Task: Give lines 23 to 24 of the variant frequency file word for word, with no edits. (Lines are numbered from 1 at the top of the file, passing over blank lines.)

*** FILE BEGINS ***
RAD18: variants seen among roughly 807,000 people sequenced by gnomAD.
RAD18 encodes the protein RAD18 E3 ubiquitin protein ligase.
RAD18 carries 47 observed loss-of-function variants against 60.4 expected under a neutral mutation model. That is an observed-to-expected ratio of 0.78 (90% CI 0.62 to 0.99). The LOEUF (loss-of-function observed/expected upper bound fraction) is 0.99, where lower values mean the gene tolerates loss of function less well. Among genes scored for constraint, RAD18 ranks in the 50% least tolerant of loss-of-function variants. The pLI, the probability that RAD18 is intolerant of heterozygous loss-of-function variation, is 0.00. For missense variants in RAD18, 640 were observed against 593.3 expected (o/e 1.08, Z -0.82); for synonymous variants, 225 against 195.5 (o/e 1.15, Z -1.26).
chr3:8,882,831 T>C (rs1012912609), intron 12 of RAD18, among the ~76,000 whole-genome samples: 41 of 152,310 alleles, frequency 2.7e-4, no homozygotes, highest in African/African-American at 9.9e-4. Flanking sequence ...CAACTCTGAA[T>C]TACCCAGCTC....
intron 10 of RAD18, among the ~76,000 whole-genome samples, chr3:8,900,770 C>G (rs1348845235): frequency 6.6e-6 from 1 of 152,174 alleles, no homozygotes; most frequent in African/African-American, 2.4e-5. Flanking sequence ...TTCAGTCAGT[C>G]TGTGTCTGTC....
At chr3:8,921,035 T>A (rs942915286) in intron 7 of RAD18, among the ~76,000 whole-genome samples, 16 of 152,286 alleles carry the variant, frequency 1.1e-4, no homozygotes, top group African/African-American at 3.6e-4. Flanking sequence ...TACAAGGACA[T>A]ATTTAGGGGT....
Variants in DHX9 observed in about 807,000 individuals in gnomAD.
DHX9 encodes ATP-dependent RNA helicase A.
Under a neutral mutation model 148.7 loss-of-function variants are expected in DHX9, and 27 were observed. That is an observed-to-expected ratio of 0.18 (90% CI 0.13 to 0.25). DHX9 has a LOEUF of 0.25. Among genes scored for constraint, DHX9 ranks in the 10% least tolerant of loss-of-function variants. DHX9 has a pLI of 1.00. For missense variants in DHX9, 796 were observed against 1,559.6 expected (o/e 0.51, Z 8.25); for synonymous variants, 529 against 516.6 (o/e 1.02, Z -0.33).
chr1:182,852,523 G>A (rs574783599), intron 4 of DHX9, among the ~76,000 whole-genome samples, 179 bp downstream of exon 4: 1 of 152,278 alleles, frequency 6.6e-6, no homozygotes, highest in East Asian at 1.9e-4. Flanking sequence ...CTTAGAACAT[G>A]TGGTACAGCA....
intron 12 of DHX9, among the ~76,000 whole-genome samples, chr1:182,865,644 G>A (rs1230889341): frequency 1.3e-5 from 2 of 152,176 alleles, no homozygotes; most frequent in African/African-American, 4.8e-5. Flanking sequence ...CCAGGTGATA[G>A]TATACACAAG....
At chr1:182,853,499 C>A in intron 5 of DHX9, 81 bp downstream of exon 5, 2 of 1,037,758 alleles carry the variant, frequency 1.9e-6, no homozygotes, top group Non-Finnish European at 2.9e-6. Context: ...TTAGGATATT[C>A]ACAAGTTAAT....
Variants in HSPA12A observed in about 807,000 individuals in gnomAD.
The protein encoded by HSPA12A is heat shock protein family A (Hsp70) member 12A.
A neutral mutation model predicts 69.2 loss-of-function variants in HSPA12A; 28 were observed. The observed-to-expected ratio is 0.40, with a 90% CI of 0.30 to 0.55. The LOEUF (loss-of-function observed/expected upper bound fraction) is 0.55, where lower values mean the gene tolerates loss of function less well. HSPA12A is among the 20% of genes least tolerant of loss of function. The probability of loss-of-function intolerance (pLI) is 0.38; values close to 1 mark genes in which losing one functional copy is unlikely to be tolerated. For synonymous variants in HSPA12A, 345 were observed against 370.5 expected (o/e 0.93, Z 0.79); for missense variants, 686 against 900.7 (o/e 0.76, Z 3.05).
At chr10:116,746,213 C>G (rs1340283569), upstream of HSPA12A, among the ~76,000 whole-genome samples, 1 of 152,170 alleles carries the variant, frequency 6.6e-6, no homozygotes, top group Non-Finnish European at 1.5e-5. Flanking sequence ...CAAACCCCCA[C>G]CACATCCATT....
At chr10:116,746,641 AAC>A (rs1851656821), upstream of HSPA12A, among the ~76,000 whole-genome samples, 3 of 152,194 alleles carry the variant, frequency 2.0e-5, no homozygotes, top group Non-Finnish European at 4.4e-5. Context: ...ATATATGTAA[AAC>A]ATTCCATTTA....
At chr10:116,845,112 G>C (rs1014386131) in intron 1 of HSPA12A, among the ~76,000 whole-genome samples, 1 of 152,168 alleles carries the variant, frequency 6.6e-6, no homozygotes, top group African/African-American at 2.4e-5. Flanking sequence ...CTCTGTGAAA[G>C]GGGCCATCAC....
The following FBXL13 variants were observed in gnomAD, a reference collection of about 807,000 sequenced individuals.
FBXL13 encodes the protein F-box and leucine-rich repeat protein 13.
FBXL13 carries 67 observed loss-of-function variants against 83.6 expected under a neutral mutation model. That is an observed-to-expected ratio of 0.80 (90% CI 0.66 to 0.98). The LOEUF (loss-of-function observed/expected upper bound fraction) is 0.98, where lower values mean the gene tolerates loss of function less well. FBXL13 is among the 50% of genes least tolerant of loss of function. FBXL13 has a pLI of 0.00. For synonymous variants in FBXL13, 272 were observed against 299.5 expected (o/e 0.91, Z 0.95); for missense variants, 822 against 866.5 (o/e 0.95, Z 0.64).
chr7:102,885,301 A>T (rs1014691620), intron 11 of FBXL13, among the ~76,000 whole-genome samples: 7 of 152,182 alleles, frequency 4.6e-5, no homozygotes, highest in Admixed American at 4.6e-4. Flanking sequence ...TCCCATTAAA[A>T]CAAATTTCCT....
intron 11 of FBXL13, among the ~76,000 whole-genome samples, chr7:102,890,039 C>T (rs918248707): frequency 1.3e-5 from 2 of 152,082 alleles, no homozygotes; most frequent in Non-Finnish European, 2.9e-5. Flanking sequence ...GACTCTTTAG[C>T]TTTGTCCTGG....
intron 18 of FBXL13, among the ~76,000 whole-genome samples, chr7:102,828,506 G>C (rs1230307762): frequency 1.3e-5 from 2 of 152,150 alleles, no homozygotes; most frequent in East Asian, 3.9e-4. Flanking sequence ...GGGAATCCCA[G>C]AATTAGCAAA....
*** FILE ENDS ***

intron 11 of FBXL13, among the ~76,000 whole-genome samples, chr7:102,890,039 C>T (rs918248707): frequency 1.3e-5 from 2 of 152,082 alleles, no homozygotes; most frequent in Non-Finnish European, 2.9e-5. Flanking sequence ...GACTCTTTAG[C>T]TTTGTCCTGG....
intron 18 of FBXL13, among the ~76,000 whole-genome samples, chr7:102,828,506 G>C (rs1230307762): frequency 1.3e-5 from 2 of 152,150 alleles, no homozygotes; most frequent in East Asian, 3.9e-4. Flanking sequence ...GGGAATCCCA[G>C]AATTAGCAAA....